“An intimate and deeply human memoir that shows why we should all be concerned about nuclear safety, and the dangers of ignoring science in the name of national security.”—Rebecca Skloot, #1 New York Times bestselling author of The Immortal Life of Henrietta Lacks
A shocking account of the government’s attempt to conceal the effects of the toxic waste released by a secret nuclear weapons plant in Colorado and a community’s vain search for justice—soon to be a feature documentary
Kristen Iversen grew up in a small Colorado town close to Rocky Flats, a secret nuclear weapons plant once designated "the most contaminated site in America." Full Body Burden is the story of a childhood and adolescence in the shadow of the Cold War, in a landscape at once startlingly beautiful and--unknown to those who lived there--tainted with invisible yet deadly particles of plutonium. It's also a book about the destructive power of secrets--both family and government. Her father's hidden liquor bottles, the strange cancers in children in the neighborhood, the truth about what was made at Rocky Flats--best not to inquire too deeply into any of it. But as Iversen grew older, she began to ask questions and discovered some disturbing realities.
Based on extensive interviews, FBI and EPA documents, and class-action testimony, this taut, beautifully written book is both captivating and unnerving.
In this powerful work of research and personal testimony, Iversen (Molly Brown), director of the M.F.A. creative writing program at the University of Memphis. chronicles the story of America's willfully blinkered relationship to the nuclear weapons industry through the haunting experience of her own family in Colorado. Moving to the spanking new subdivision of Denver called Bridledale in 1969, an area hugely expanding due to the growing industries nearby, Iversen's middle-class family of four children, lawyer dad, and homemaker mom believed they had secured the American dream, hardly questioning that Dow Chemical was making anything more than scrubbing bubbles in the top-secret Rocky Flats foundry. Built in the early 1950s by the Atomic Energy Commission to smelt the plutonium "triggers" for the nuclear bombs necessary to deter the Soviet Union during the cold war, Rocky Flats had already suffered a major plutonium fire in 1957, the extent of radiation damage swiftly covered up, before a similar fire on Mother's Day 1969 proved the worst industrial accident in U.S. history, spreading unknown quantities of radiation in the soil and water and costing $70.7 million to clean up also carefully covered up in the name of national security. Meanwhile, residents began to get sick, especially the children who ran wild over the contaminated land; animals grew sterile; protestors started to arouse concern; and studies were published, culminating in a FBI raid of the facility in 1989. Yet the grief was ongoing, as Iversen renders in her masterly use of the present tense, conveying tremendous suspense and impressive control of her material.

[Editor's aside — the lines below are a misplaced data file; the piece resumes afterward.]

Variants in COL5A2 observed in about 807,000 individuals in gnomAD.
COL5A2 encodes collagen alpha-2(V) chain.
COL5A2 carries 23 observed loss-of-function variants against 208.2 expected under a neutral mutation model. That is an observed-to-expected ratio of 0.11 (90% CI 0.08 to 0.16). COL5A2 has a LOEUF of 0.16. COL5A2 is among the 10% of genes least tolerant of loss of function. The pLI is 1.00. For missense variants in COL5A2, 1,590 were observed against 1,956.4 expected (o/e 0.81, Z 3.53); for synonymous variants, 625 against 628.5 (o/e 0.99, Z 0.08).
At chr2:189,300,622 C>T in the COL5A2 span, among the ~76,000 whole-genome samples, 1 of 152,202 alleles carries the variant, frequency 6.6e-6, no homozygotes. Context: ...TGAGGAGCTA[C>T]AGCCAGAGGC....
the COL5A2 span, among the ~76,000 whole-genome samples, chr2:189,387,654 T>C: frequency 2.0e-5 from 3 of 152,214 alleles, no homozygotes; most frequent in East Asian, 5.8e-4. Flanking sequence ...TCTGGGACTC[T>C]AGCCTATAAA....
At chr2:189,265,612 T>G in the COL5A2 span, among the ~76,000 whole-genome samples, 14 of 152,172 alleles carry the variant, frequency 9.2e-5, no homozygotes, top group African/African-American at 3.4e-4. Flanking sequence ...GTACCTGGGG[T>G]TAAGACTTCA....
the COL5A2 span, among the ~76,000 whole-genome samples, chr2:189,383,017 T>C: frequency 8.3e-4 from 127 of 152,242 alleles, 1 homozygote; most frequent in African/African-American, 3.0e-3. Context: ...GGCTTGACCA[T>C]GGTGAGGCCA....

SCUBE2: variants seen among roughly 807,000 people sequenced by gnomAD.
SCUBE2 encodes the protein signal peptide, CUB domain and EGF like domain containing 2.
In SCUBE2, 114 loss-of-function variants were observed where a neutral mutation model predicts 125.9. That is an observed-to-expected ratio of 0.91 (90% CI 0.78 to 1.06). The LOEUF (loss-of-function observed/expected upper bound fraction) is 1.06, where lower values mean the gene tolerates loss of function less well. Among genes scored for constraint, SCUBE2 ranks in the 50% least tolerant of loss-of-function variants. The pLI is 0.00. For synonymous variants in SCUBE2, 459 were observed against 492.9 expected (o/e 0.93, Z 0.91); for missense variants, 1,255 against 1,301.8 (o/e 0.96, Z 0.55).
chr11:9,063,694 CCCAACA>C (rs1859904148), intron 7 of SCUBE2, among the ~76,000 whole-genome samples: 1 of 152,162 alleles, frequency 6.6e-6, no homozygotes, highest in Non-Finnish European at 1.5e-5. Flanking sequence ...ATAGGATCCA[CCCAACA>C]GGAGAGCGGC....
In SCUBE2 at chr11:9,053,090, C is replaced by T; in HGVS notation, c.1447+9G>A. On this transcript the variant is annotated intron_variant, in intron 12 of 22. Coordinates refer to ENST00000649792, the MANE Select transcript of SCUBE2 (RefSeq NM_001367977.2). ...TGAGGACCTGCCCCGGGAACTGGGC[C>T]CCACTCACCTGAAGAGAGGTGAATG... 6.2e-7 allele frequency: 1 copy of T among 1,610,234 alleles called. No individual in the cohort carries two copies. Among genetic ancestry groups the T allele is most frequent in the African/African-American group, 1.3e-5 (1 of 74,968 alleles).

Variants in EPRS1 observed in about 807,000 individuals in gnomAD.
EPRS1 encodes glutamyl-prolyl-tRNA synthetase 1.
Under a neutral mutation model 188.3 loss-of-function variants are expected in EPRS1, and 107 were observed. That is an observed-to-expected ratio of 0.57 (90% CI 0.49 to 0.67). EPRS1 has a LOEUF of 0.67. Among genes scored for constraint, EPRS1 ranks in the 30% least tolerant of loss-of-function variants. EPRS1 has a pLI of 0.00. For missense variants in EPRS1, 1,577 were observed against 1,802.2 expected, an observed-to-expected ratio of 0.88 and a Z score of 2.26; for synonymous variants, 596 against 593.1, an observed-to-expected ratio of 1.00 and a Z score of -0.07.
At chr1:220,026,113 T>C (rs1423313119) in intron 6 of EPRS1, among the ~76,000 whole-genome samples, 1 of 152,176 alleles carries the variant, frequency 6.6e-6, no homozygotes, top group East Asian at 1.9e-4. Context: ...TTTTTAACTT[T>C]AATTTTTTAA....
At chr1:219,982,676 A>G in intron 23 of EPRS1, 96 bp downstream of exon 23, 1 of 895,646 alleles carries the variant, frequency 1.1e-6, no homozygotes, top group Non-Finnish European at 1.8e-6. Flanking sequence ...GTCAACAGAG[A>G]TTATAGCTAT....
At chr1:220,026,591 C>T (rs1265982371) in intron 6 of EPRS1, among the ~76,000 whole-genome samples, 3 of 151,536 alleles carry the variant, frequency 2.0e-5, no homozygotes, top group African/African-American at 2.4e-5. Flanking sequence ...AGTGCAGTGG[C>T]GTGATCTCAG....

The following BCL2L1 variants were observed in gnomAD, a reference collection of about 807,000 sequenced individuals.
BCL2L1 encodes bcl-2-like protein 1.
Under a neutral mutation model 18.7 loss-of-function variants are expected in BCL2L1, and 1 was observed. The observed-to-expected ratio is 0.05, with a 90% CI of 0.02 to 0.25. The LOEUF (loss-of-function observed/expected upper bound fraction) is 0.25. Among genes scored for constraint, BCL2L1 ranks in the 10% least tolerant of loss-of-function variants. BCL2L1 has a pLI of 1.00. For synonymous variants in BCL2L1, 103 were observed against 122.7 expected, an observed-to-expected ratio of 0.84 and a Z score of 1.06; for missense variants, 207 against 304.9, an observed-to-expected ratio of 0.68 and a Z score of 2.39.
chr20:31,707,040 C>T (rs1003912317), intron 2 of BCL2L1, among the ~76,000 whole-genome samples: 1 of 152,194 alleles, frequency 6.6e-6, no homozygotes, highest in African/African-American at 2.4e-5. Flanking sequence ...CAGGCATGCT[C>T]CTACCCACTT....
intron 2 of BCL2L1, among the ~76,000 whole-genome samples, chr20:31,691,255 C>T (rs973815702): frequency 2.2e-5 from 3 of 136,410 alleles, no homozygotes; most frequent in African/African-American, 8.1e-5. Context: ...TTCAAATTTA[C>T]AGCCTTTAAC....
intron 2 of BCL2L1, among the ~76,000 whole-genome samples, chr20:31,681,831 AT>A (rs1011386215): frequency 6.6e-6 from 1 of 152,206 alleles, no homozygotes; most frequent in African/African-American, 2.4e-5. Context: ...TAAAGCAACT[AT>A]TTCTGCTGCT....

Customer ReviewsSee All
A shocking book about government and corporate ineptitude involving the production of our nuclear weapons. As a resident of a community dangerously close to Rocky Flatts, I'm outraged and angry that my local, state and federal government allowed such a disgusting operation to be built, let alone in one of the most beautiful areas of the front range of Colorado.
Furthermore, I'm outraged that residents of the Denver area and Jefferson county are so poorly informed of the danger lurking at Rocky Flatts. People are allowed to fish and boat in Stanley lake. To think this are could be open to the public is a shame. I wonder what risks I've taken riding my bike around the area with no warning.
Any government official that hasn't voted for better signage, cleanup, education and quarantine of this area should be ashamed of themselves. I applaud Kristen Iverson for her efforts to expose he nasty truth about Rocky Flats and I hope the word spreads about what seems to be one of the most toxic and radioactive places in America ... Which is literally in the backyard of so many.
Great read, especially If you live in Jefferson, Boulder or Denver county.
I also grew up in Arvada. My father worked at Rocky Flats off and on for years and was there during the fire in 1969. Four out of five members of my family have worked there at some point. We lost Dad in 1969. Mom and my sister have both had thyroid cancer/removal. Mom also has beryllium poisoning. I worked there shortly after the FBI raid. I’ve always thought I should be tested for poisoning but luckily my brother and I haven’t had any major health issues. I wouldn’t even know where to start with medical testing.
This story make you wonder what else the government is hiding from the people !! How many secrets are being kept and what if anything can be done !!